Rebeca Espinal admits with a shy smile that she's a straight-A math student. She's a high school graduate who dreamed of going to college.
Instead, Espinal, 17, is working in a Charlotte, N.C., factory that makes gas turbines and generators. She is an apprentice with the German company Siemens.
"I was planning on getting a degree in international relations, but with financial aid and how difficult it is to pay for college and everything," she says. "So when Siemens came along and gave me the offer, it was too good of an opportunity to just let it go.
A mobile clinic set up to test students for HIV is parked near Madwaleni High School in Mtubatuba, KwaZulu-Natal, South Africa on March 8, 2011. Parts of the South African province have HIV rates that are more than twice the national average.
The province of KwaZulu-Natal has emerged as the epicenter of South Africa's HIV epidemic. South Africa already has more people infected with HIV than any other country in the world, but parts of KwaZulu-Natal have HIV rates that are more than twice the national average.
Now in addition to HIV and AIDS, the province is also dealing with a major tuberculosis epidemic.
In the northeastern part of KwaZulu-Natal, dusty dirt tracks wind through pastures and fields of sugar cane. The hillsides are dotted with small huts made of cinder blocks and field stones.
"It was really fun to get out there and do my vault," McKayla Maroney said, after trying out the apparatus at the North Greenwich Arena in London Thursday. Maroney is coping with the lingering effects of a broken right toe.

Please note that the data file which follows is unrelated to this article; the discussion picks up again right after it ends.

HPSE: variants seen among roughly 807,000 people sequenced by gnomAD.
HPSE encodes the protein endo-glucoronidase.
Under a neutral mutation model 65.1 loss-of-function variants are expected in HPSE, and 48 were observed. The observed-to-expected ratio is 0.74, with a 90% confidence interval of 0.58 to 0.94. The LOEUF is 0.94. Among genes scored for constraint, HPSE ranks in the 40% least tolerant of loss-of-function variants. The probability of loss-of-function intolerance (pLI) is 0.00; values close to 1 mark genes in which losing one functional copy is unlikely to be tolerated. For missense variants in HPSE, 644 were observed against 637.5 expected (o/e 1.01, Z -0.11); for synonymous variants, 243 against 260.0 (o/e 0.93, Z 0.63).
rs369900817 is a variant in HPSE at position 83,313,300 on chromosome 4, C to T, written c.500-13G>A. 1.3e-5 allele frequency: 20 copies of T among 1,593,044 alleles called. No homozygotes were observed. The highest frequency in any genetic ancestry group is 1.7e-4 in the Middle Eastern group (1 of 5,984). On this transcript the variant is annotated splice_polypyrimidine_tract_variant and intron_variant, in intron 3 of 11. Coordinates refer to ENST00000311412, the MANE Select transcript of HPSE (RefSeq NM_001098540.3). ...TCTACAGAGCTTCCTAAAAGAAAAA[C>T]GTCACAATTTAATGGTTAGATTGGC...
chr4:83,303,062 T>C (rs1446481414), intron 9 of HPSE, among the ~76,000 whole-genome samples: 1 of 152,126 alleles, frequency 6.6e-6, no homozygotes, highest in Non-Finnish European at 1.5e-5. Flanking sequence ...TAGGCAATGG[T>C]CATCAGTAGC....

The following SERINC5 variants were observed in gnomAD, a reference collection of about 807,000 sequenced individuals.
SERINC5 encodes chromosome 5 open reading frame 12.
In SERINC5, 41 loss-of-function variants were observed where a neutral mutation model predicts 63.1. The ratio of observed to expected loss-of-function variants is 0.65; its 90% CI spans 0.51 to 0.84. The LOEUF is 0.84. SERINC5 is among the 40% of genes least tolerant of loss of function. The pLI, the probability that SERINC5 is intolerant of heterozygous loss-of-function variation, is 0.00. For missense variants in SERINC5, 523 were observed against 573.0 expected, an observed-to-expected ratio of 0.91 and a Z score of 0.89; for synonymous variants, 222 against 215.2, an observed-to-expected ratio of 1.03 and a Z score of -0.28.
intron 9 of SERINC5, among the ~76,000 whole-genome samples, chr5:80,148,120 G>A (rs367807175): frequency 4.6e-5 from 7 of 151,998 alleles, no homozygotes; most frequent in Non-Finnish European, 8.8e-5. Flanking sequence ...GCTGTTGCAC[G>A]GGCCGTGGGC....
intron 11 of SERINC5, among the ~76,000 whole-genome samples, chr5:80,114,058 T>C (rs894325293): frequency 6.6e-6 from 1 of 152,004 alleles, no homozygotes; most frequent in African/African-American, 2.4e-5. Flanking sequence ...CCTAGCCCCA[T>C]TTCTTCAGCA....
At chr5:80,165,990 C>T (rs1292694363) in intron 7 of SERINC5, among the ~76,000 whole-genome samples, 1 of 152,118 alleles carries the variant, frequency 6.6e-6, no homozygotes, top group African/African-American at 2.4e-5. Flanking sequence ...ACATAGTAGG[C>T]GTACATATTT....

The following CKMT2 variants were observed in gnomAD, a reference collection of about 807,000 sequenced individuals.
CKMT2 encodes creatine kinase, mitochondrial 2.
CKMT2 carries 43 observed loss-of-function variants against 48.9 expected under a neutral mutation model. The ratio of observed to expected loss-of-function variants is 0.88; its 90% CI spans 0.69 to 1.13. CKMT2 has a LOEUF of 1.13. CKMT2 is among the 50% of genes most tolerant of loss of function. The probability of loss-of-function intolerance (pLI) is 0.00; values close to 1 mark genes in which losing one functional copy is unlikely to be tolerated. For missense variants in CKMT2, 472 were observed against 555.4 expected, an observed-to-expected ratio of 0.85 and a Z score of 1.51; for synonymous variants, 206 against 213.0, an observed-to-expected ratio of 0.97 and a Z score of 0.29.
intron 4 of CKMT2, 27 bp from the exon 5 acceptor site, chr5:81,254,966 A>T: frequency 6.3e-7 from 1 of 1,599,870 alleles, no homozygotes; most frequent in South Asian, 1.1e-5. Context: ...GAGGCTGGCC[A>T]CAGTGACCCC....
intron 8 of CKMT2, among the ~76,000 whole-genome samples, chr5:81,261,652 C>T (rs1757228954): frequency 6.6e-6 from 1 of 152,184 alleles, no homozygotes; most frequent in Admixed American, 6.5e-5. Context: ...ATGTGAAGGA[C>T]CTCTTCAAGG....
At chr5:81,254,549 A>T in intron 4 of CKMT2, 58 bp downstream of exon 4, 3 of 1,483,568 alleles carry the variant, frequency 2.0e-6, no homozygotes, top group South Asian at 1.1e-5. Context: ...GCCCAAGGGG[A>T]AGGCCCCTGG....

U.S.gymnast McKayla Maroney will compete in the London Summer Games, despite the lingering effects of a broken toe. Maroney, a gold medal contender, is the reigning world champion in the vault. Early reports suggested that Maroney broke her toe in London. But it appears that she merely tweaked an earlier injury.
On Twitter, NBC producer Alexa Ainsworth clarified that Maroney's toe "was broken before Classic and she just aggravated that here."
The Obama administration is enlisting new allies to fight health care fraud: insurers.
Today the Departments of Health and Human Services and Justice announced a partnership with more than a dozen health insurers and industry groups to nip fraudulent schemes in the bud, instead of tracking down bad guys after the fact.
It was likely something that the United States Department of Agricultural didn't put much thought into. In an internal newsletter detailing agency's "greening" efforts, there's information about new lightbulbs and locally bought fruits and vegetables.
But on page three of five, there's also a passage that encourages forgoing meat on Mondays.
Ben Gibbard of Death Cab for Cutie is a lifelong Seattle Mariners fan, and such an Ichiro Suzuki devotee he wrote a song about the outfielder. Though he wrote it years ago, he decided this week — when Suzuki was traded to the New York Yankees — was the right time to release "Ichiro's Theme."
It may be months before we know the details of exactly what happened inside the movie theater in Aurora, Colorado, a week ago. But with the benefit of time, GQ correspondent Sean Flynn has given us new perspectives on the massacre in Norway, where Anders Breivik murdered 77 people and wounded many more almost exactly a year ago. After he set off a bomb outside government offices in downtown Oslo, Breivik shot dozens, mostly teenagers at a summer camp on an isolated island named Utoya.